According to the NHS, 9% of adult men and 6% of adult women in the UK show signs of alcohol dependence. When you combine both men and women together, you get an overall rate of 7.5%. Each of these individuals is suffering the harm of alcohol addiction that can include medical problems, lost jobs, marriage breakups, and loss of children. Alcohol is not a harmless drug that can be used with impunity.

Drug Addiction

The nation’s drug rehab clinics also find themselves filled with individuals who mistakenly believed they could use prescription medications or illicit drugs without any harm. However, they all found out too late just how harmful drugs can be. What started out as recreational use eventually escalated to the point where drugs were in control.

As you know, some drugs can be even more damaging than alcohol to one’s physical health. For example, have you seen the pictures of methamphetamine addicts used in anti-drug campaigns? These are scary pictures indeed. They show addicts before they started using and after addiction was well established. You can clearly see that methamphetamine use is not harmless.

The big lie of drugs and alcohol is that you can use them without losing control. Nevertheless, it is simply not true. Drugs and alcohol are psychoactive substances that alter the way the brain works. And once those brain changes begin, it’s nearly impossible to fix them without a complete and total separation from whatever substances are being used. Do not be fooled; there is no harmless addiction. Drug and alcohol rehab clinics are proof of that.

Beating Addiction: Is It Recovery or Conquering?

When two Americans founded Alcoholics Anonymous in the 1930s, they began what would eventually become the most successful alcohol rehab programme in history. Bill Wilson and Bob Smith established their organisation after failing to find the help they needed to overcome alcohol dependence. They based their treatment model on the idea of group support and fellowship that would enable long-term recovery for every participant. Thus, the 12-step recovery programme was born.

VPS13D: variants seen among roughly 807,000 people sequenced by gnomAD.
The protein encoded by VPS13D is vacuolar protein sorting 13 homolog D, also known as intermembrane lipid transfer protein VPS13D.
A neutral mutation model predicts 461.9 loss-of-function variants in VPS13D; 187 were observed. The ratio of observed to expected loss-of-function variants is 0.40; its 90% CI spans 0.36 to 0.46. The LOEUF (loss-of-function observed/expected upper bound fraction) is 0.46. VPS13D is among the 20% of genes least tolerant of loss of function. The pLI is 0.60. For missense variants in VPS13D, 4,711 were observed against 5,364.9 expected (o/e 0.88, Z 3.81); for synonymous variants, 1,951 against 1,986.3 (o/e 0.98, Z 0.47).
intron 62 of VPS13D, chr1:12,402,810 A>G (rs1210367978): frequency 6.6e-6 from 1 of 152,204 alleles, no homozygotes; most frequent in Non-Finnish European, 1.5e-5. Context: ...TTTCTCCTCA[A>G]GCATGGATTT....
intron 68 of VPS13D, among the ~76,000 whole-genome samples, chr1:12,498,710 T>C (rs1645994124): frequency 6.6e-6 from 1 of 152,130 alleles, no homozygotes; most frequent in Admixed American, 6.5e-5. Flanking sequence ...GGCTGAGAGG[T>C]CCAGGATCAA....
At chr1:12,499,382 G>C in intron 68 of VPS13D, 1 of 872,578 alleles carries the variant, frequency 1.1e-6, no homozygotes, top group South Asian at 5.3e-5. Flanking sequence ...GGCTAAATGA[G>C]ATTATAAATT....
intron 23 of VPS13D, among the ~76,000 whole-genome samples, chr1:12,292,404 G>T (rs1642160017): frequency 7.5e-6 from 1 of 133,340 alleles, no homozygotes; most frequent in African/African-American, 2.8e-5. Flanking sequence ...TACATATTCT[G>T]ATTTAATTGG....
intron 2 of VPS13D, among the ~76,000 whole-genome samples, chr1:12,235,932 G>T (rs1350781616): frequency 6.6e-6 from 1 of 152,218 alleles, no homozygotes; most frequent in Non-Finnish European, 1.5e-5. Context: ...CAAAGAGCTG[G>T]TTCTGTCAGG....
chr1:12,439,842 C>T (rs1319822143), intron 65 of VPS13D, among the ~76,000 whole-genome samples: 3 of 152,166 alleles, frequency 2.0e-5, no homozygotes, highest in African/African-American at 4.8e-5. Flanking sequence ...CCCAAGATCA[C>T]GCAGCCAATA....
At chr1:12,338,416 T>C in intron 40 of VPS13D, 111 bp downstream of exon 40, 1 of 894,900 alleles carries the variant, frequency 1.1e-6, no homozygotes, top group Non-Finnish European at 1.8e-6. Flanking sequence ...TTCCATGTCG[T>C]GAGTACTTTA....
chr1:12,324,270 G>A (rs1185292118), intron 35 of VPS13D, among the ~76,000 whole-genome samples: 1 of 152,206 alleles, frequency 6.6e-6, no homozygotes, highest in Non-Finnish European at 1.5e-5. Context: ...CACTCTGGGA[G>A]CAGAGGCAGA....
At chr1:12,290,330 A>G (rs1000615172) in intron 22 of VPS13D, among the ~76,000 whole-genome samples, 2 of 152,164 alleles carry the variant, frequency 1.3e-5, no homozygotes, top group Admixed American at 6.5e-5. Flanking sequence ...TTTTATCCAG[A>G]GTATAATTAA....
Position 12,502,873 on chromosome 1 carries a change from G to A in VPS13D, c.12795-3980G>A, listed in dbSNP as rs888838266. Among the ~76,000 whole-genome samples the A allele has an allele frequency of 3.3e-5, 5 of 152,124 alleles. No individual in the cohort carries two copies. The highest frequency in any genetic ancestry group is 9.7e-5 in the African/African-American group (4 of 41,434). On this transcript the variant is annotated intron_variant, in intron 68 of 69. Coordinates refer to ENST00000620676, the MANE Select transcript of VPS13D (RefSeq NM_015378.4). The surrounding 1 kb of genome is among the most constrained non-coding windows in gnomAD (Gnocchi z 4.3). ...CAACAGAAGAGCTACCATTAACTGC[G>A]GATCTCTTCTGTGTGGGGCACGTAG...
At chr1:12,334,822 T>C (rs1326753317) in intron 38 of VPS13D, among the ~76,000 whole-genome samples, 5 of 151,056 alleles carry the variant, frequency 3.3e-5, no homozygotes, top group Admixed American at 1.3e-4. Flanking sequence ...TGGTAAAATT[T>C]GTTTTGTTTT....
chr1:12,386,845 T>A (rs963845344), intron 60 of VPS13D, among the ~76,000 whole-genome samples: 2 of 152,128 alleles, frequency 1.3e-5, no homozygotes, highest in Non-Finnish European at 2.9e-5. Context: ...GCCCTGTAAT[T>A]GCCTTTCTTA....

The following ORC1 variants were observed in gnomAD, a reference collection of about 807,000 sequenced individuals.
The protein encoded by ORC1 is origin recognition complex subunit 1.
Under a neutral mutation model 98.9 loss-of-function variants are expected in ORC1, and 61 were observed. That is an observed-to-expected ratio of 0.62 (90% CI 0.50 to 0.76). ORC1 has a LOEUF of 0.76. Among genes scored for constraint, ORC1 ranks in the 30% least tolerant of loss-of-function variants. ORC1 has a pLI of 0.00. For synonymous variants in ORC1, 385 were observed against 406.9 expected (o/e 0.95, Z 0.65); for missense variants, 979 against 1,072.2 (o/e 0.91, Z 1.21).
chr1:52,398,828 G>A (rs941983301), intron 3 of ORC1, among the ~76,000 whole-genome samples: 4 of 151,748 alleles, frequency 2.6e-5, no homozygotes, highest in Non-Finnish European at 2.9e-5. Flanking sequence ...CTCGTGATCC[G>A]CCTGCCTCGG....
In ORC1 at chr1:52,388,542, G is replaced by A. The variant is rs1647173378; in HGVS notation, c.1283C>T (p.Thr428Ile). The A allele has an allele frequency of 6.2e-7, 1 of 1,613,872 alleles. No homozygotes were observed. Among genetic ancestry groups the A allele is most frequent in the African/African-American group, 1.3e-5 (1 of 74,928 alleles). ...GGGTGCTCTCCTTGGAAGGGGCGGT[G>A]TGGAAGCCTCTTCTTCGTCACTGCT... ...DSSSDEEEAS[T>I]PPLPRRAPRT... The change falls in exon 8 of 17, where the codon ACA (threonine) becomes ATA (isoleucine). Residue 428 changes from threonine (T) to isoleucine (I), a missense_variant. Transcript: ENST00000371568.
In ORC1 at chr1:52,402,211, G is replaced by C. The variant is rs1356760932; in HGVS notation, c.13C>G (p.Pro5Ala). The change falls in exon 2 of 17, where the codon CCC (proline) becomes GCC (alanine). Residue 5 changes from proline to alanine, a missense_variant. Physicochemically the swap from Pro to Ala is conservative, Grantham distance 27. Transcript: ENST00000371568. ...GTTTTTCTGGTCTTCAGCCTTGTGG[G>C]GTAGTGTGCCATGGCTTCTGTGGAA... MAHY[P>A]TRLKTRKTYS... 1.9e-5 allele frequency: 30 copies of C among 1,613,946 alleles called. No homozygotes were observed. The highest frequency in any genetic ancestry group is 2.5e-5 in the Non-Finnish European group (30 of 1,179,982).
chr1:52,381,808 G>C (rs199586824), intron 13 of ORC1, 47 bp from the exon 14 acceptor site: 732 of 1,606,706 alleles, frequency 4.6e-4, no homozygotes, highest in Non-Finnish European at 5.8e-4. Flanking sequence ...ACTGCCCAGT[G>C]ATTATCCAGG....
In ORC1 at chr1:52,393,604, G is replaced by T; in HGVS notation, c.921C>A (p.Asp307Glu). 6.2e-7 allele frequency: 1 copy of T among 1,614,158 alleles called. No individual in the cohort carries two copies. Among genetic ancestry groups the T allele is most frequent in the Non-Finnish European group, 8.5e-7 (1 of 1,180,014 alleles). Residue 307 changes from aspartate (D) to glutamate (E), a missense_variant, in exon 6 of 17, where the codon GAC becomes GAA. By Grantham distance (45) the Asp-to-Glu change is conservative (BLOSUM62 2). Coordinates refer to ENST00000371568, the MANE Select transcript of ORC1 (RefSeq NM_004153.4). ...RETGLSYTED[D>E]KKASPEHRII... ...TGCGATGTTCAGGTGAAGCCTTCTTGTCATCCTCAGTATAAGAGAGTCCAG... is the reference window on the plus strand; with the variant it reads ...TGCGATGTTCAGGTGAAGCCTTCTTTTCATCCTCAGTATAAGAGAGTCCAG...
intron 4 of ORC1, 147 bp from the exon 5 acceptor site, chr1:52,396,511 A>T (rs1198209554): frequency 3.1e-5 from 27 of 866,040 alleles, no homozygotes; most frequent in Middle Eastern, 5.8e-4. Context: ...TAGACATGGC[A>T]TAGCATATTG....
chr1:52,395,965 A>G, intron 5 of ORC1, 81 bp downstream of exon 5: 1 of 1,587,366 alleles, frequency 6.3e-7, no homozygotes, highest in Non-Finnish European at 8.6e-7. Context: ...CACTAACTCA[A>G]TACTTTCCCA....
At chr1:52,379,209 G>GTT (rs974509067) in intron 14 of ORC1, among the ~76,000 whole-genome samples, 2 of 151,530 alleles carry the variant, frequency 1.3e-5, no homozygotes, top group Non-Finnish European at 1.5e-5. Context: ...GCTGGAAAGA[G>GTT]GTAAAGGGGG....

Alcoholics Anonymous became so successful that it was adapted for drug rehab as well. The whole idea of recovery by way of mutual support and accountability laid the foundation for the modern rehab clinics we are all familiar with today. Yet despite the success of the 12-step programme established by Alcoholics Anonymous, there remains some debate over the question of whether or not beating addiction is really a process of recovery. Some believe it is a process of conquering.

Recovering from Addiction

The recovery philosophy is rooted in the belief that addiction is a permanent problem that, once established, must be dealt with for a lifetime. Thus, the 12-step approach calls for ongoing counselling and support for the remainder of one’s life. Some organisations include a spiritual component to recovery while others do not. In either case, recovery never ceases.

Of course, the idea of recovery has further led to the classification of addiction as a disease. Moreover, as a disease, curing it requires medical treatment. Yet the concept of disease requires addiction to be looked at from multiple angles. It must be considered not only physically, but also mentally and emotionally. Even when physical addiction is overcome, ongoing treatment is necessary to deal with the mental and emotional.

Conquering Addiction

An alternative philosophy of conquering addiction arose in the 1990s with the development of the SMART recovery programme. The SMART way of looking at addiction is to view it as a personal problem that can be permanently solved with the right solutions. This philosophy does not see overcoming addiction as a lifelong process of recovery.

The conquering philosophy is not one that has been adopted by drug and alcohol rehab clinics to the same degree as the traditional 12-step recovery approach. However, it is gaining traction. SMART programmes are now available through more than 1,000 support groups worldwide. These groups focus on analysing drug and alcohol problems, coming up with practical solutions, and then applying the solutions in order to conquer addiction.

At the end of the day, there really is no right or wrong here. It always comes down to finding the approach that works best for the individual. Some people will require the recovery philosophy to break the addiction cycle and avoid relapse. Others do much better approaching addiction from the conquering mindset.

The Difference between Outpatient and Home Detox

When an individual first arrives at a doctor’s office or clinic looking for help with rehab, a doctor or nurse must assess the severity of the individual’s problem. Where a full-blown addiction is diagnosed, detox is the first step in recovery. Detox can be administered under one of the following three treatment models:

1. inpatient detox
2. outpatient detox
3. home detox.